CPJ’s list of the 10 most-censored countries is filled with the usual suspects. But the most alarming aspect of the report is how governments are using Internet resources — originally intended to make expression easier — to impose censorship on views they don’t like.
“The internet was supposed to make censorship obsolete, but that hasn’t happened. Many of the world’s most censored countries are highly wired, with active online communities,” said Joel Simon, executive director of CPJ. “These governments combine old-style brutality with new technology, often purchased from Western companies, to stifle dissent and control the media.”
Few countries appear immune from the creeping urge to infringe on privacy and impede free expression. As democracies increasingly become more comfortable using these tools and tactics to exert greater control over political debates within their borders, repressive regimes have fewer reasons to respect Article 19 of the Universal Declaration of Human Rights, which states that all people have the right to seek and receive news and express opinions.
Predictably, Eritrea, North Korea and Turkmenistan — three of the world’s most closed societies, which have never enjoyed basic freedoms, top the list of most censored nations.
But countries in the middle of the list are more worrisome for other reasons. Their stories show what is increasingly becoming the ominous norm in media landscapes around the world.
Saudi Arabia, China, Vietnam and Iran hold places four through seven on the list. All are large and influential nations with populations that enjoy wide — but incomplete — Internet access, and that rely on their global trade ties to keep their economies afloat.
In normal times the United States could exert economic leverage over its allies to compel better adherence to freedom of expression, one of the key metrics of basic human rights. Instead, the Donald Trump era appears to have encouraged state censorship by governments with which the United States enjoys good relations.
Take Vietnam. It’s a country that the United States has worked with for decades to mend wounds and undo deep mutual mistrusts after a long and costly war. The United States was Vietnam’s top export destination in 2018, supplying nearly $50 billion worth of goods.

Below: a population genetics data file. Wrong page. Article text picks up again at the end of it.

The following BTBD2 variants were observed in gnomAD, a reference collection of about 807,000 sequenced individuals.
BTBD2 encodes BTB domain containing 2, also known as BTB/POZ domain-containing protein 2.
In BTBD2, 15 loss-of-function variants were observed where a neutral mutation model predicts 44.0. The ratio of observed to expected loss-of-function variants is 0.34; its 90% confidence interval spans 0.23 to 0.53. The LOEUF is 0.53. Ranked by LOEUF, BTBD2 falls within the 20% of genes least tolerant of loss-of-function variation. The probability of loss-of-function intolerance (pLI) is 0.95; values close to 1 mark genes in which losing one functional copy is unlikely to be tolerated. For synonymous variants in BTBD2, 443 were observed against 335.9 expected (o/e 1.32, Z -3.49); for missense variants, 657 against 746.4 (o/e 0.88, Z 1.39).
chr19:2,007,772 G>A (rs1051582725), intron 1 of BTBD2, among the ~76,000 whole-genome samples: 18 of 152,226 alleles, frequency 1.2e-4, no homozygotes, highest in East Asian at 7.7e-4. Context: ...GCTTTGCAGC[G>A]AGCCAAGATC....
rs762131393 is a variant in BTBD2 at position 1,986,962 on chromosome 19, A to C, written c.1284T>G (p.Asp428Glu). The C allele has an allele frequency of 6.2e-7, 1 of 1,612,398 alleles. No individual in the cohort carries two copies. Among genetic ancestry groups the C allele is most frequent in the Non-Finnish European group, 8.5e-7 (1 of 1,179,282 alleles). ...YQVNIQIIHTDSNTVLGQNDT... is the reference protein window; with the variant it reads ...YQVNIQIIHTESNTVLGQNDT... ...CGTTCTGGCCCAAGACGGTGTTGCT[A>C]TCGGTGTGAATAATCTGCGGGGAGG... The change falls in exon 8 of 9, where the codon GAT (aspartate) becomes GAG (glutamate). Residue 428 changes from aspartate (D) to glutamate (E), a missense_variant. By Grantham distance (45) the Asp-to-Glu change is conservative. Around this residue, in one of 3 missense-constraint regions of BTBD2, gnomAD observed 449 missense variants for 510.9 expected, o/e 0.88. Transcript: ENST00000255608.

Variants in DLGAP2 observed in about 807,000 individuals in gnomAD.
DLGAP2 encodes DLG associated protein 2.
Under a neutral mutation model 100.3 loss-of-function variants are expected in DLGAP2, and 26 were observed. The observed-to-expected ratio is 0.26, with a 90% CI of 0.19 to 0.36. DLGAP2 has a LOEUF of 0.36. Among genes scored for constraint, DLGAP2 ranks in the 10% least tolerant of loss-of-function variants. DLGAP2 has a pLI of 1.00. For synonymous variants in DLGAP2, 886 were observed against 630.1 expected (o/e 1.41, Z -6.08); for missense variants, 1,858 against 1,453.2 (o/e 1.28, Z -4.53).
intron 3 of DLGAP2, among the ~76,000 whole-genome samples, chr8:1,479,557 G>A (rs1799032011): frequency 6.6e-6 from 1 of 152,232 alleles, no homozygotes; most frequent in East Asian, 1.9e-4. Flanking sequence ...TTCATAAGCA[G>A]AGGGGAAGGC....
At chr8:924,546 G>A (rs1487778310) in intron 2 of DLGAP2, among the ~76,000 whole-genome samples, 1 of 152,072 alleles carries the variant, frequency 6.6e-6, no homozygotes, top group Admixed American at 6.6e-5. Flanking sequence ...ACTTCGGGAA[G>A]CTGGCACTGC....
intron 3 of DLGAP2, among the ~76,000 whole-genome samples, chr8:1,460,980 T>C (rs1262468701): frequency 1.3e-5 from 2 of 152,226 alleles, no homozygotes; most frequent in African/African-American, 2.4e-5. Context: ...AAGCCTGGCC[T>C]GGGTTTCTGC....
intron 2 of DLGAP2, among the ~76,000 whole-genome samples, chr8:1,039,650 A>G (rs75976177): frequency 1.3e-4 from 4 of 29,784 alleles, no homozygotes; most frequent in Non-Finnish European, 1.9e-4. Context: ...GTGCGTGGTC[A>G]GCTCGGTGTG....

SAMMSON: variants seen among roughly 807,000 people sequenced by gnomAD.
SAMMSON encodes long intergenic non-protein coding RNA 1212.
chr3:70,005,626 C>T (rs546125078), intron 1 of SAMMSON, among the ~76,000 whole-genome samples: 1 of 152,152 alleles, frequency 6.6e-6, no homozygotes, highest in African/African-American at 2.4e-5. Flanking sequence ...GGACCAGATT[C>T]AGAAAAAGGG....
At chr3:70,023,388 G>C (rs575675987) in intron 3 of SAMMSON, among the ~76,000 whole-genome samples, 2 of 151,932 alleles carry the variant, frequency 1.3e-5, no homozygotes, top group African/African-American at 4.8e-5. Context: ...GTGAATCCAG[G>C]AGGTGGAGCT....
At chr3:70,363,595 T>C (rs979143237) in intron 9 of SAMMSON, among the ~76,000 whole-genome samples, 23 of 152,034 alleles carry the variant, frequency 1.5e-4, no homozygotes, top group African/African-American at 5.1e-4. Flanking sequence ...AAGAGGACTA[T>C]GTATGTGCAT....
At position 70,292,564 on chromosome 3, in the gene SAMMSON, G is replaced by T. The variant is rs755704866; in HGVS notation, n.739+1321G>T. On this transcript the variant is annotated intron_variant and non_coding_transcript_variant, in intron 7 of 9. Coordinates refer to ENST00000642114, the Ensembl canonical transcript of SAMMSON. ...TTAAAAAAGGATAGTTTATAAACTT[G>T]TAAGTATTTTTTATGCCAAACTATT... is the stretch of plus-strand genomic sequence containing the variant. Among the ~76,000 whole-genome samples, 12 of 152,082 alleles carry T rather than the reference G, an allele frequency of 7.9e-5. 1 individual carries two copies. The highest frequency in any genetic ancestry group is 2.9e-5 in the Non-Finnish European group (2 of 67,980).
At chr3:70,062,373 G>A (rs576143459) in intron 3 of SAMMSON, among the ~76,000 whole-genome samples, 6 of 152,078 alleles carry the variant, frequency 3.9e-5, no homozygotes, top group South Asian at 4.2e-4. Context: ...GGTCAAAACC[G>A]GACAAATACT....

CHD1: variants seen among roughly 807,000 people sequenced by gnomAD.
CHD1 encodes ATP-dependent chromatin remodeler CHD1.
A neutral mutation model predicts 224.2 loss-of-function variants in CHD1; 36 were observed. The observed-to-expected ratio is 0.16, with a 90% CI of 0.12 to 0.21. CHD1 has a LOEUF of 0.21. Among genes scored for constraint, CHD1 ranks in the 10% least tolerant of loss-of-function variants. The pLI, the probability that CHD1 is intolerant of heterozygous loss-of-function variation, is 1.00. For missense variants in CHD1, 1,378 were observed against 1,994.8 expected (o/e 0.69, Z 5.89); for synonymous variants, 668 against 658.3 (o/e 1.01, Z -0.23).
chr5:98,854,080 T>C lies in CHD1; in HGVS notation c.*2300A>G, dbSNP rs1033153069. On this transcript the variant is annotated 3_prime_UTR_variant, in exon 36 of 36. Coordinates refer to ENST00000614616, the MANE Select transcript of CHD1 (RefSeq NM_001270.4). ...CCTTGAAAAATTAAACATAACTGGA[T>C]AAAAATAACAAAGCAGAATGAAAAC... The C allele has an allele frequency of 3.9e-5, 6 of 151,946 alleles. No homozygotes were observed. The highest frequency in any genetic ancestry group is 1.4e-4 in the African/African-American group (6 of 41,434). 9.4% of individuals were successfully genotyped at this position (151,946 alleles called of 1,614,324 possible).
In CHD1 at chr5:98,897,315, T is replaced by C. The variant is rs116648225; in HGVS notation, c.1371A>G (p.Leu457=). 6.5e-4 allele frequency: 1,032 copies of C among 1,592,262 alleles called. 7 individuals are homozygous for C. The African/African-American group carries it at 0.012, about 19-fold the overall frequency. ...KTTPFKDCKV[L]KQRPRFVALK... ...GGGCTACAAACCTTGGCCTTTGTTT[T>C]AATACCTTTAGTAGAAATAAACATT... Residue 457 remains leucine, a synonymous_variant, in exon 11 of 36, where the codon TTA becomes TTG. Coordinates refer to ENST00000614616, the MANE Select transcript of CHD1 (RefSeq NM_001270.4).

Yet that massive trade relationship has not resulted in any meaningful commitment to human rights from authorities in Hanoi. In fact, the situation appears to be getting worse.
CPJ’s report cites a new Vietnamese law implemented at the beginning of 2019 that requires “technology companies to disclose user data and take down content viewed as objectionable” by the state. Restrictions on expression were already tight, after a 2013 law gave the government sweeping authority to censor blogs and social media. Now, however, a 10,000-member cyberwarfare unit run by the military contributes to an atmosphere of fear and growing self-censorship by critics of the state.
Meanwhile, Saudi Arabia — whose leaders claim it is undergoing a period of sweeping social reforms — continues to be one of the most dangerous countries in the world to practice journalism.
In 2018, Saudi operatives brazenly murdered Jamal Khashoggi in Istanbul. One of his home country’s most prominent journalists, he was also a contributing columnist for The Post.
As the first anniversary of the assassination approaches, Saudi authorities — including Crown Prince Mohammed bin Salman, who is believed to have ordered the killing — have paid no meaningful price. Instead they have been allowed to continue purchasing large quantities of U.S.-made weaponry needed for their war in Yemen and have been given cover by statements from President Trump and his top advisers that for all intents and purposes exonerate Saudi rulers of any wrongdoing.
If two such supposedly good friends of the United States feel no need to adhere to international norms around free expression, is it any wonder than our staunchest ideological rivals disregard calls to allow their populations to air their views?
Authorities in China and Iran have become global leaders in using the technology of today to maintain their long grips on power, undermining any and all social movements that call into question their leadership.
Developing domestic networks that provide a fast but heavily controlled experience is one way both governments are subtly stifling dissent with their populations.
While Tehran and Beijing are no newcomers to repressing expression, their evolution into powers that simultaneously allow and encourage widespread Internet use, while using the public’s online activity to better track potential domestic threats, could foreshadow a dystopian future in which governments use the Internet to track and shape our behavior.
Without active resistance from populations that value an individual’s right to unfettered access to information and the ability to share it, we will all continue to slide in that direction.